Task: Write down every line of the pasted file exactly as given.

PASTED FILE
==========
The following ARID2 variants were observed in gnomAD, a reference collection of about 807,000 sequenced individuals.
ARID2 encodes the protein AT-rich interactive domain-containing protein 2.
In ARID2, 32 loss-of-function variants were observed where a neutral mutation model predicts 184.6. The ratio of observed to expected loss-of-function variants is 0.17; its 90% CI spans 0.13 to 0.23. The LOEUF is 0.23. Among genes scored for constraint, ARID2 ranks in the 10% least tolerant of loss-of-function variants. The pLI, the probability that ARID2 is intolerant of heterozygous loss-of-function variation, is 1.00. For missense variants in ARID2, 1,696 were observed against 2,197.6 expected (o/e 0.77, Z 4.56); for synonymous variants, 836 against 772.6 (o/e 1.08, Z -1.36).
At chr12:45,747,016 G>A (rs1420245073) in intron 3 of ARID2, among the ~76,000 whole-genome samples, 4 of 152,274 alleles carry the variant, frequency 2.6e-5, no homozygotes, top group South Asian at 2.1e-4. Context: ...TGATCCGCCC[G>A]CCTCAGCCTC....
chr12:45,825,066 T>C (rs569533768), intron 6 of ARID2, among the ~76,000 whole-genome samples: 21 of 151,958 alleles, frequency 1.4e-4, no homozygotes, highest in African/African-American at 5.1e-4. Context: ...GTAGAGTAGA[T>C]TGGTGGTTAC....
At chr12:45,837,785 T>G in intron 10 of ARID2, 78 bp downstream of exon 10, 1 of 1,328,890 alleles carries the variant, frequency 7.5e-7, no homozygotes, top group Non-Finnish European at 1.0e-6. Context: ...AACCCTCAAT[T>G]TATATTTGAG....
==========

The following ARID2 variants were observed in gnomAD, a reference collection of about 807,000 sequenced individuals.
ARID2 encodes the protein AT-rich interactive domain-containing protein 2.
In ARID2, 32 loss-of-function variants were observed where a neutral mutation model predicts 184.6. The ratio of observed to expected loss-of-function variants is 0.17; its 90% CI spans 0.13 to 0.23. The LOEUF is 0.23. Among genes scored for constraint, ARID2 ranks in the 10% least tolerant of loss-of-function variants. The pLI, the probability that ARID2 is intolerant of heterozygous loss-of-function variation, is 1.00. For missense variants in ARID2, 1,696 were observed against 2,197.6 expected (o/e 0.77, Z 4.56); for synonymous variants, 836 against 772.6 (o/e 1.08, Z -1.36).
At chr12:45,747,016 G>A (rs1420245073) in intron 3 of ARID2, among the ~76,000 whole-genome samples, 4 of 152,274 alleles carry the variant, frequency 2.6e-5, no homozygotes, top group South Asian at 2.1e-4. Context: ...TGATCCGCCC[G>A]CCTCAGCCTC....
chr12:45,825,066 T>C (rs569533768), intron 6 of ARID2, among the ~76,000 whole-genome samples: 21 of 151,958 alleles, frequency 1.4e-4, no homozygotes, highest in African/African-American at 5.1e-4. Context: ...GTAGAGTAGA[T>C]TGGTGGTTAC....
At chr12:45,837,785 T>G in intron 10 of ARID2, 78 bp downstream of exon 10, 1 of 1,328,890 alleles carries the variant, frequency 7.5e-7, no homozygotes, top group Non-Finnish European at 1.0e-6. Context: ...AACCCTCAAT[T>G]TATATTTGAG....